Typically, when business people think about continuous improvement, implementing lean, six sigma, kaizen, and other methodologies come to mind.
Those standard practices send the message that continuous improvement is solely for teams and organizations. However, you can and should apply the same underlying principles to individuals.
Continuous improvement enables organizations to be highly effective and efficient. Adopting the strategies on a personal level is guaranteed to reap comparable performance benefits.
Here’s how to live a life of continuous improvement and catalyze your success.
Be a Lifelong Learner
It’s impossible to continuously improve if you aren’t continually learning. Most high-performing people already invest in becoming better at their core activities.
However, the benefits they yield from learning are stunted by the limited scope of subjects they study. By focusing on topics they’re passionate about, people are just enhancing the parts of the brain that are strongest already. While beneficial, this only minimally improves your creative or problem-solving abilities - essential elements of continuous improvement.
A researcher at the HEC business school in Paris found that learning about topics that have nothing to do with your career can have a have a huge positive impact on your performance.
When you study subjects that vary widely from your day-to-day activities, it strengthens parts of your brain that you don’t use often. When that happens, you’re able to think in more divergent ways and develop innovative approaches for improvement.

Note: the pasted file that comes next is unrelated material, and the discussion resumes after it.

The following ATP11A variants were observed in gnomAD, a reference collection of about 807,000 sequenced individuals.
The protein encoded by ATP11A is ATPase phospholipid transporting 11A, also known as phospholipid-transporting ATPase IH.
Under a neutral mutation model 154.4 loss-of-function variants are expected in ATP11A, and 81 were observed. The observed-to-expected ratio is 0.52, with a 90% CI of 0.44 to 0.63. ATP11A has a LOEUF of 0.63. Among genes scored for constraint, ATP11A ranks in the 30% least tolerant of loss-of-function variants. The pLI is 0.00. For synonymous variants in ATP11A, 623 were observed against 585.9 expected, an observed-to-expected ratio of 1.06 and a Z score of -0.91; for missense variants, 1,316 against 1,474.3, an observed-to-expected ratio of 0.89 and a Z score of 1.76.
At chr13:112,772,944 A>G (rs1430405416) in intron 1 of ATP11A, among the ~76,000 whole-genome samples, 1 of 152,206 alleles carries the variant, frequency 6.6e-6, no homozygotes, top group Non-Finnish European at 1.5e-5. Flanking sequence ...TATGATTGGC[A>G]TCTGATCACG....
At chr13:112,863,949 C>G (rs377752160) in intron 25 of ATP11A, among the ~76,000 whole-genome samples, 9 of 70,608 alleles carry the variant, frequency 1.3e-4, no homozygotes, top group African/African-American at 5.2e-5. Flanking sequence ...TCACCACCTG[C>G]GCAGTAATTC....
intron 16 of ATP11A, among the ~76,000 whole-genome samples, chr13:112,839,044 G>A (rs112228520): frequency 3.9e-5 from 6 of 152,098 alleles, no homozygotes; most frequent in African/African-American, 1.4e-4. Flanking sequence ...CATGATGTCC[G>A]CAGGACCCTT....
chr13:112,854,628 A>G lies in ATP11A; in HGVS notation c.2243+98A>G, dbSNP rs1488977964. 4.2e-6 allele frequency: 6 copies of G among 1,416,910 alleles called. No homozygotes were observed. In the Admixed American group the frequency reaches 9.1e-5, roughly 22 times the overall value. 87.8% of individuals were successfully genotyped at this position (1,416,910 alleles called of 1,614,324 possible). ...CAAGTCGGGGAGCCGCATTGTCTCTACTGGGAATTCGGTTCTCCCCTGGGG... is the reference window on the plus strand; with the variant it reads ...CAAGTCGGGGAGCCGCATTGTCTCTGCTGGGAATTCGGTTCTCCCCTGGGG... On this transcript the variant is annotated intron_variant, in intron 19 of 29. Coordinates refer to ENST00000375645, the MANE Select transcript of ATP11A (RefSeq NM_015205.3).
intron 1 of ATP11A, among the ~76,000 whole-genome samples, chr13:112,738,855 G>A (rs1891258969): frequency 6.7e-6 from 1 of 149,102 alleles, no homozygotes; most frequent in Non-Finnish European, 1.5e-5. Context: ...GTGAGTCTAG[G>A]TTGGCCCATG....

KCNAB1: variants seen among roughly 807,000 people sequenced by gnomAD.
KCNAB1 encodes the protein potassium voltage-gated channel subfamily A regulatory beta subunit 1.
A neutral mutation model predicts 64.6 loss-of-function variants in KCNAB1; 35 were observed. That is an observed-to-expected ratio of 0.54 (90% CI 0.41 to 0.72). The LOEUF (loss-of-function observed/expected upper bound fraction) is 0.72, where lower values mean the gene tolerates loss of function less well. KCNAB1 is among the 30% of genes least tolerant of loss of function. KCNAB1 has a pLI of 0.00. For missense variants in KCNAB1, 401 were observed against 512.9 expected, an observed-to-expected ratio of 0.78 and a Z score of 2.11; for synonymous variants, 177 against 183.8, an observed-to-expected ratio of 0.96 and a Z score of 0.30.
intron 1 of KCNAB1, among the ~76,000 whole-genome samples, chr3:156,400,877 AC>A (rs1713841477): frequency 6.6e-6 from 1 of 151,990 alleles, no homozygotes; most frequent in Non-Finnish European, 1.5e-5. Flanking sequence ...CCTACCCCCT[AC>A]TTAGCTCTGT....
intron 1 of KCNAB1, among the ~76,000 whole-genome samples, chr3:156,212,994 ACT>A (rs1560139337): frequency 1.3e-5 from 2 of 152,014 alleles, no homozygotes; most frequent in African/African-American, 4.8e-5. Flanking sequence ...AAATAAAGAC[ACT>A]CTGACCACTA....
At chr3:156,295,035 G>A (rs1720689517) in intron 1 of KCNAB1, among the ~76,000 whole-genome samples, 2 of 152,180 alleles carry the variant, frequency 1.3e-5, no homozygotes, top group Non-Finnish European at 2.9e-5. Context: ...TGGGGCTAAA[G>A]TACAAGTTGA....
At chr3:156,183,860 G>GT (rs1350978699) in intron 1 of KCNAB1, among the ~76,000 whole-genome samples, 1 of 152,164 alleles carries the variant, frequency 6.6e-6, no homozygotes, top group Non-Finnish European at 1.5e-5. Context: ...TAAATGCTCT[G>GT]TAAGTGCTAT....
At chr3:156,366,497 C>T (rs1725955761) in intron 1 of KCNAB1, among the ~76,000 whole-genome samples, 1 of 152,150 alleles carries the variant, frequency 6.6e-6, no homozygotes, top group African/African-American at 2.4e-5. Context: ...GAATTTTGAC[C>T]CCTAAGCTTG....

Being committed to lifelong learning sets the foundation for you to act on the remaining continuous improvement strategies in this article.
- Schedule an hour a week to learn random things. It can be anything from diving deep into the history of a music genre you love to watching TED talks and documentaries about the latest scientific discoveries. The point is to expose yourself to as many new ideas as possible.
Approach Failures with Unrelenting Curiosity
According to Jeff Bezos, one of the most reliable signs of intelligent, innovative people is that they frequently acknowledge that they’re wrong and change their minds.
This sounds counter-intuitive, but that behavior enables continuous improvement. To reach stretch goals, you have to learn new skills and experiment with a variety of approaches, some of which will fail.
The key to being successful despite facing frequent failures is to treat each one as a learning opportunity. Instead of accepting your failure and moving on, deconstruct it, identify errors, look for missed opportunities and seek every possible way to grow from it.
- Do at least one experimental project per month. If successful, the project should make significant progress toward one of your goals. If it fails, it should teach you something profound about your approach to achieving your goal.
- Don’t move on from failures until you’ve identified what caused them. This step is critical for you to gain performance improvements.
- Come up with a list of actions you can do differently moving forward.
Seek Brutally Honest Feedback
According to the President and CEO of the renowned consulting firm, Zenger Folkman, the majority of highly successful people are unaware of their most damaging weaknesses. Instead, they often focus on smaller issues that don’t have a significant effect on their performance.